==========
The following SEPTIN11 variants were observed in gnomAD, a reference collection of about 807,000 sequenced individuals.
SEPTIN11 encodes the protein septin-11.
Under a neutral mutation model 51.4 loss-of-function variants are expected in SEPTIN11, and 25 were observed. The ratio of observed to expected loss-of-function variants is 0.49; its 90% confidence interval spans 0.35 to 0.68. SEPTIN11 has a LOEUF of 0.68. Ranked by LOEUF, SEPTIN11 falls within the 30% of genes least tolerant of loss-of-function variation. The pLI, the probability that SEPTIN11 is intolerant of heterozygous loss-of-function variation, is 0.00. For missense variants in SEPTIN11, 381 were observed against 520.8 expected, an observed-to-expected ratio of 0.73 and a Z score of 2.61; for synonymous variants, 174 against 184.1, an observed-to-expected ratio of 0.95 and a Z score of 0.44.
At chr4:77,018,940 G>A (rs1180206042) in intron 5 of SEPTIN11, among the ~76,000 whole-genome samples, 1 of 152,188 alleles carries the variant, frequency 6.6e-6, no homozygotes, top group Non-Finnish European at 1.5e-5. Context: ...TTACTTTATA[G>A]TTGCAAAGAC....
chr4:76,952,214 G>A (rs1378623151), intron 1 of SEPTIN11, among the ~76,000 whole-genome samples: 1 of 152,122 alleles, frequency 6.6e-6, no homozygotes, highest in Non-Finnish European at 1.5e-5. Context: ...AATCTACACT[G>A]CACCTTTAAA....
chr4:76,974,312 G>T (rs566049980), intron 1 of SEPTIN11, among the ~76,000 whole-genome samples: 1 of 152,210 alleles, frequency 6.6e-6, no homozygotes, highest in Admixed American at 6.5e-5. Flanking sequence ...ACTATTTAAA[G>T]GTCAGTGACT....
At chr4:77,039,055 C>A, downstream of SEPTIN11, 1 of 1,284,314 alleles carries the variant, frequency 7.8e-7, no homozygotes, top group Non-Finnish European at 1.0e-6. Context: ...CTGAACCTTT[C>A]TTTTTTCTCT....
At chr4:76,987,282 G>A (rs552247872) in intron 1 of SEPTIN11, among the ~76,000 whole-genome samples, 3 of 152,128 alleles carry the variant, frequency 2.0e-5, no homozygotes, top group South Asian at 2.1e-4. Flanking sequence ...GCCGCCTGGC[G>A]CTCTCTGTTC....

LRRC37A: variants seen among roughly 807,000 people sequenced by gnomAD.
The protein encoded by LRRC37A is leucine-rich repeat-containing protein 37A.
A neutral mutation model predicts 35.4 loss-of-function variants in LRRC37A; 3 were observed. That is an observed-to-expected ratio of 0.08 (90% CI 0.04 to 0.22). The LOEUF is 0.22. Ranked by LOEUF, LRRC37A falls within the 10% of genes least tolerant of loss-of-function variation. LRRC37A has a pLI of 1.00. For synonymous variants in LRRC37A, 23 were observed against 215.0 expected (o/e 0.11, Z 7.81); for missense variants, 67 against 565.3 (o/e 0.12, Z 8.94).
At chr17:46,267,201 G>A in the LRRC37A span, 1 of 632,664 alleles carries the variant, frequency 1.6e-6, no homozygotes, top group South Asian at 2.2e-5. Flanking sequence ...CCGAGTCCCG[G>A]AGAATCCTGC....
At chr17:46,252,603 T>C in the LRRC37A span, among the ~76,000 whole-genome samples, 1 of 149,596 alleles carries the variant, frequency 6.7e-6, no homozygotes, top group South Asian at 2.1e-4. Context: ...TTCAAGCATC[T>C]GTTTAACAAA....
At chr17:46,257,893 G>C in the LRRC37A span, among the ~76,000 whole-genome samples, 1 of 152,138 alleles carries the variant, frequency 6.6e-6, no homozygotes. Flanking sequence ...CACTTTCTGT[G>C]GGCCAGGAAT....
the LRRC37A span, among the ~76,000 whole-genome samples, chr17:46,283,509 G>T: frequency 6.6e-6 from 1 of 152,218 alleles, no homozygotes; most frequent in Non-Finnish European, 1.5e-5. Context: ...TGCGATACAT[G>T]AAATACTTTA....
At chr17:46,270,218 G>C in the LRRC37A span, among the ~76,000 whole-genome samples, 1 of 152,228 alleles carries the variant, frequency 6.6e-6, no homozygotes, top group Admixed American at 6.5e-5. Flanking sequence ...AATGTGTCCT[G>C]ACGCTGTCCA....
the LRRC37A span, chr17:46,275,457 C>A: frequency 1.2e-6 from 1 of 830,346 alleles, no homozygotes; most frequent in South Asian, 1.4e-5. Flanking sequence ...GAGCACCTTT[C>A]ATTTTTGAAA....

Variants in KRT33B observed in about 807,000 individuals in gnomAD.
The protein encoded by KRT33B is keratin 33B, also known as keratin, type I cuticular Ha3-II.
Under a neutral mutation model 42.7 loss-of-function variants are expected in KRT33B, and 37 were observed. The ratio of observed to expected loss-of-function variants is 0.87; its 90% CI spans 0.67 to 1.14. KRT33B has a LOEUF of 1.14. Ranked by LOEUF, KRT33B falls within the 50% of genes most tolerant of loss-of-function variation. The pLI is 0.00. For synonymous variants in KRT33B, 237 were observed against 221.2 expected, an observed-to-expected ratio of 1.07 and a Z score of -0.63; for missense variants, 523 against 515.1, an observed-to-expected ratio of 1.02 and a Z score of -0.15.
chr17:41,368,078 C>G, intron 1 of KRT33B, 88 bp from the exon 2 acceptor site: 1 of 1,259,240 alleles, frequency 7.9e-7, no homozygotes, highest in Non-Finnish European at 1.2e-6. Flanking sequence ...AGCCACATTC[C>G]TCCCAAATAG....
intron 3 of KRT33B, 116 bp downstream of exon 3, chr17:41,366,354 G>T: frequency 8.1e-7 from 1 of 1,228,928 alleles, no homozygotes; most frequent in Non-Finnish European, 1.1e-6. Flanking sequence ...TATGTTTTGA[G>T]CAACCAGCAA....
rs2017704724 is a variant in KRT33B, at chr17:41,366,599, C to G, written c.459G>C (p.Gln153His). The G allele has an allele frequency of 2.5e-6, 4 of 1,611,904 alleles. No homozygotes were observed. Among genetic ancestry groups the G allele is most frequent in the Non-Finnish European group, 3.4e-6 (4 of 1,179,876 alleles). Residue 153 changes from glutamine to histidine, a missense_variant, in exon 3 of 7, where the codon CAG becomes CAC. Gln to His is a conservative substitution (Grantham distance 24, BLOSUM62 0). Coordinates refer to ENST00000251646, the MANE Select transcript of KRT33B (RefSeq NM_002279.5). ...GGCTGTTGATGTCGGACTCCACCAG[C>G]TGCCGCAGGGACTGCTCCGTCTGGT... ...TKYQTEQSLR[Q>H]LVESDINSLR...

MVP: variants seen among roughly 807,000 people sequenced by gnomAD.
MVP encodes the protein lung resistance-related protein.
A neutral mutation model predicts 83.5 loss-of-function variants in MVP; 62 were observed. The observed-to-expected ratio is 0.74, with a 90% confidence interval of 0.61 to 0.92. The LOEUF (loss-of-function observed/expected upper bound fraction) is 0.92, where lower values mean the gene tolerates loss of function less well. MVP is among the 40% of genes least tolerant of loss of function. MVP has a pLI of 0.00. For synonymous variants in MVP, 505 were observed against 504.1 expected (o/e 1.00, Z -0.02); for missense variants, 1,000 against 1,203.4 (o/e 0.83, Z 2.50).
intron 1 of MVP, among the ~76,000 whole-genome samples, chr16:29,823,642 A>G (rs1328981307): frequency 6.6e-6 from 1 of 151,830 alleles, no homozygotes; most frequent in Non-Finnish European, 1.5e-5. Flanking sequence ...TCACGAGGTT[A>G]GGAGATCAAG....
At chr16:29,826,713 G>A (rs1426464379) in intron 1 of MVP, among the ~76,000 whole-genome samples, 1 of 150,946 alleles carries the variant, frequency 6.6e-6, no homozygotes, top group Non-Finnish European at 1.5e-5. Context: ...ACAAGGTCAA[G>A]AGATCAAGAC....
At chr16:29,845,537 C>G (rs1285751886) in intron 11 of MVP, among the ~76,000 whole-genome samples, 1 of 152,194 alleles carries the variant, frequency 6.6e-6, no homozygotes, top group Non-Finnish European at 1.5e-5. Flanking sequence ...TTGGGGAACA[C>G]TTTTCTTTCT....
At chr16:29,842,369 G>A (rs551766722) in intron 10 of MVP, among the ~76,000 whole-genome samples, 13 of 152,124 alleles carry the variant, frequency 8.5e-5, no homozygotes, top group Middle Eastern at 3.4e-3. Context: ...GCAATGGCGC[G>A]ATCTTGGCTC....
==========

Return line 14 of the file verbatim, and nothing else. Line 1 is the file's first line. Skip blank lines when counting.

At chr17:46,257,893 G>C in the LRRC37A span, among the ~76,000 whole-genome samples, 1 of 152,138 alleles carries the variant, frequency 6.6e-6, no homozygotes. Flanking sequence ...CACTTTCTGT[G>C]GGCCAGGAAT....